The Indian Army in Africa and Asia, 1940-42: Implications for the Planning and Execution of Two Nearly-Simultaneous Campaigns.
ARMY COMMAND AND GENERAL STAFF COLL FORT LEAVENWORTH KS SCHOOL OF ADVANCED MIL ITARY STUDIES
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This monograph analyzes the Indian Armys experience in conducting nearly-simultaneous campaigns in Africa and Asia between 1940-42.The Indian Army planned to defend the famed North West Frontier NWF with Afghanistan as well as provide reinforcements to British units worldwide in accordance with peacetime agreements. The continued decline of Allied fortunes during the early war years necessitated greater British dependence on the Indian Army and the need to inaugurate a massive expansion while fighting one, then two, major regional conflicts MRCs in different parts of the world. The first MRC in the Near East went well the second MRC in Asia was a disastrous failure. The paper provides background on the composition of the Indian Army under the British Raj. It examines the state of peacetime campaign plans in 1919-39 with emphasis on specific scenarios, projected scope of operations, and overseas commitments. Rapid Axis successes necessitated greater involvement by Indian troops. The Indian Army doubled its commitment to Egypt and agreed to accept operational responsibility for the Near East Iraq, Vichy French Syria, and Iran. In the midst of this heavy operational tempo, Japan attacked in December 1941. The monograph analyzes the conduct of these campaigns with respect to their similarity to extant campaign plans, the need to create crisis-action plans, and the ability to set the stage for tactical success. Appendices summarize the Indian Armys peacetime and wartime commitments.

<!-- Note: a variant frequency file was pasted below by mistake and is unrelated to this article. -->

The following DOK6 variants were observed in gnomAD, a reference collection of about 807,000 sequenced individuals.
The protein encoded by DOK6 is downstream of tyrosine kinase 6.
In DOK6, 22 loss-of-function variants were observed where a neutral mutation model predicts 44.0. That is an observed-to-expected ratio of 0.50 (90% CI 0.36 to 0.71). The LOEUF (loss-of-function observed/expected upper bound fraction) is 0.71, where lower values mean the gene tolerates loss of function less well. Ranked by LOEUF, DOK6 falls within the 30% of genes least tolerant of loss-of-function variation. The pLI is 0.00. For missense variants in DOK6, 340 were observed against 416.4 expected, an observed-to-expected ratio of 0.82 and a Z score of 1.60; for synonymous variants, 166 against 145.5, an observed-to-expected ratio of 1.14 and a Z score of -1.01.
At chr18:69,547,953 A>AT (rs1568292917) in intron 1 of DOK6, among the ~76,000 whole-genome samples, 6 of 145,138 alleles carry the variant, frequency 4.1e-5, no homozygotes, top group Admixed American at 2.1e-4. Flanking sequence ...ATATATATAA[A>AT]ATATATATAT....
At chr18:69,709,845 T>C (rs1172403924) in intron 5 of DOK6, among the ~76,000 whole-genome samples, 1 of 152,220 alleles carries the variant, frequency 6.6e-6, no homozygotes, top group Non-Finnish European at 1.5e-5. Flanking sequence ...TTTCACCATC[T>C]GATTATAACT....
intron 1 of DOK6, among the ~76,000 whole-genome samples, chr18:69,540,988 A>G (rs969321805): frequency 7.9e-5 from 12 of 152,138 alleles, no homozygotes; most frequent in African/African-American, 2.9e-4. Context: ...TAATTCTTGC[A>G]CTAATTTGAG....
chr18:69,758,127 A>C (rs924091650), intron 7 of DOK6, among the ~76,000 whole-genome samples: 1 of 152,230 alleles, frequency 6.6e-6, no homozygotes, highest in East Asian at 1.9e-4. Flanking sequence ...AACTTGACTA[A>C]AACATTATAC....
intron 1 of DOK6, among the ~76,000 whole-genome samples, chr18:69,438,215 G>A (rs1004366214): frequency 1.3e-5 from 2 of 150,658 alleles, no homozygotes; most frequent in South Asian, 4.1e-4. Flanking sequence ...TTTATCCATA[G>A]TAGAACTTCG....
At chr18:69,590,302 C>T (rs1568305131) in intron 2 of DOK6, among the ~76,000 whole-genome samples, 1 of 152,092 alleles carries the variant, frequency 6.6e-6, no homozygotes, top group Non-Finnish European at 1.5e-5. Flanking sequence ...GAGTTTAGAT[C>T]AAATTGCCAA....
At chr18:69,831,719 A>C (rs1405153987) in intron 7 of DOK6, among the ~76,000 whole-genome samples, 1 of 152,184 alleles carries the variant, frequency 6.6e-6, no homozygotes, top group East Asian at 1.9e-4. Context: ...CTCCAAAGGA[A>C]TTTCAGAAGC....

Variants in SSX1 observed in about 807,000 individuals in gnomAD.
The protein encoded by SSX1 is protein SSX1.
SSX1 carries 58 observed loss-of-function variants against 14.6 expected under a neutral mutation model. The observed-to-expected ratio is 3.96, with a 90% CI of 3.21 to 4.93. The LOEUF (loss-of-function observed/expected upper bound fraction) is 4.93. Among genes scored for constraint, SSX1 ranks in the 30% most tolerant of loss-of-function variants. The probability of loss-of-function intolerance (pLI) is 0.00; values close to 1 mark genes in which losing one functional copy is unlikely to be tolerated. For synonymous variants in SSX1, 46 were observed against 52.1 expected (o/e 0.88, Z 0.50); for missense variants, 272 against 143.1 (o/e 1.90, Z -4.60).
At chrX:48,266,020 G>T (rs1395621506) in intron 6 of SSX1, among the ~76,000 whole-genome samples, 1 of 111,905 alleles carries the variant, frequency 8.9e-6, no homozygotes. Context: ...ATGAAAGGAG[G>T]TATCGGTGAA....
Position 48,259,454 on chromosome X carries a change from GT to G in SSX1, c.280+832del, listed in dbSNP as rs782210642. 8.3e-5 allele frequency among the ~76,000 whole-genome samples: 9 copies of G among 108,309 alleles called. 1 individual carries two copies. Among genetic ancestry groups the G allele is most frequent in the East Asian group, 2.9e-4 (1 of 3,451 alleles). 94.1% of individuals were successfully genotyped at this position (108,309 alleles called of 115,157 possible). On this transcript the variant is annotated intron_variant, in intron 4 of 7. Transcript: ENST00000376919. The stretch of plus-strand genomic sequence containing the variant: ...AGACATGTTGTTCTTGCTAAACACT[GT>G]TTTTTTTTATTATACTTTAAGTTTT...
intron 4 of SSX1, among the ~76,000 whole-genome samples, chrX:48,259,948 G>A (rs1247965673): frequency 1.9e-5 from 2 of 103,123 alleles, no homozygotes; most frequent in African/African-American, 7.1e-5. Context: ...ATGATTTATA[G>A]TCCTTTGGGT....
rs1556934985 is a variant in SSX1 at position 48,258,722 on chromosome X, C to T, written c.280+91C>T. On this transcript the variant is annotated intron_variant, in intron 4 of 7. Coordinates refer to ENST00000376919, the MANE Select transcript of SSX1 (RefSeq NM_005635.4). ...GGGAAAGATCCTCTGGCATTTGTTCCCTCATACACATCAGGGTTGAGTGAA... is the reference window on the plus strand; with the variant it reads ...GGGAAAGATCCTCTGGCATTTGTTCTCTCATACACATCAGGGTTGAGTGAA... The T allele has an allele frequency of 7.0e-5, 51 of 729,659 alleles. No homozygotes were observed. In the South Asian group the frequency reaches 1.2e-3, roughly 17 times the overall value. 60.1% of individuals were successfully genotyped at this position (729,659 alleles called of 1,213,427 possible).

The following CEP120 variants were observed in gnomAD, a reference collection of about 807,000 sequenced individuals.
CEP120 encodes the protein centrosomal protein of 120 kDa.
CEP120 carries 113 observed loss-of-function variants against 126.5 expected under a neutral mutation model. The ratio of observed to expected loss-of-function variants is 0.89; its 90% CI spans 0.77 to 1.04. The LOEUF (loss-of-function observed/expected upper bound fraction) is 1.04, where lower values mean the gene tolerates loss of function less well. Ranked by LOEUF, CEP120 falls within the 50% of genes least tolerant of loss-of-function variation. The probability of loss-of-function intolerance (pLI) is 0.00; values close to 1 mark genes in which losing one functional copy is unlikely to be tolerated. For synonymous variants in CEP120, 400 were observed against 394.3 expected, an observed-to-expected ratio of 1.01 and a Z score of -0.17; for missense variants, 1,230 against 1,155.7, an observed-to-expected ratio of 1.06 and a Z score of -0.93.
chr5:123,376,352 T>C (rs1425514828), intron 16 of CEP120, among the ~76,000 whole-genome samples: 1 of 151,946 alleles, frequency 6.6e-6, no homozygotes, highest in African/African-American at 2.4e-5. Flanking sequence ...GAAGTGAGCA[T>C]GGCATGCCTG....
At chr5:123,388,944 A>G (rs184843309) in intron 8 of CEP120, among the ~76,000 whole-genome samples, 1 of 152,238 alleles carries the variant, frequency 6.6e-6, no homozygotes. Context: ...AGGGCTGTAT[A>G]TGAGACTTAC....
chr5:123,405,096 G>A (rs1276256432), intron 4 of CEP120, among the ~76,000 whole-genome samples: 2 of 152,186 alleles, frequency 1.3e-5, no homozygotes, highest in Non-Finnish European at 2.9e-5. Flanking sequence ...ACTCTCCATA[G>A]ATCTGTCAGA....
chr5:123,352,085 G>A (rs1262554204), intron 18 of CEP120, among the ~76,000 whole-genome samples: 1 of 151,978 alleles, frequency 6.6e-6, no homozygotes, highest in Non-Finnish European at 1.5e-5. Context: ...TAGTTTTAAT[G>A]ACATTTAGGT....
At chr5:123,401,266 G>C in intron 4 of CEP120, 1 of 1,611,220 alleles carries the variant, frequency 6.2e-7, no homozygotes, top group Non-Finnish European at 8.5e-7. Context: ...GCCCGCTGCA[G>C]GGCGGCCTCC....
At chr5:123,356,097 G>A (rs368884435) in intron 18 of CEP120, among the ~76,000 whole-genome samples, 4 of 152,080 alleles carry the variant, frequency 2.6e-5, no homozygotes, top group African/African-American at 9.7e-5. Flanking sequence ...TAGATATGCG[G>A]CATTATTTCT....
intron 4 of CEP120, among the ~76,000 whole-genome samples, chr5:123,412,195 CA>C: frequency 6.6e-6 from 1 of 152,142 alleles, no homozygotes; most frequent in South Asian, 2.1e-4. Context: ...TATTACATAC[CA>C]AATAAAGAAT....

- Military Forces and Organizations
- Defense Systems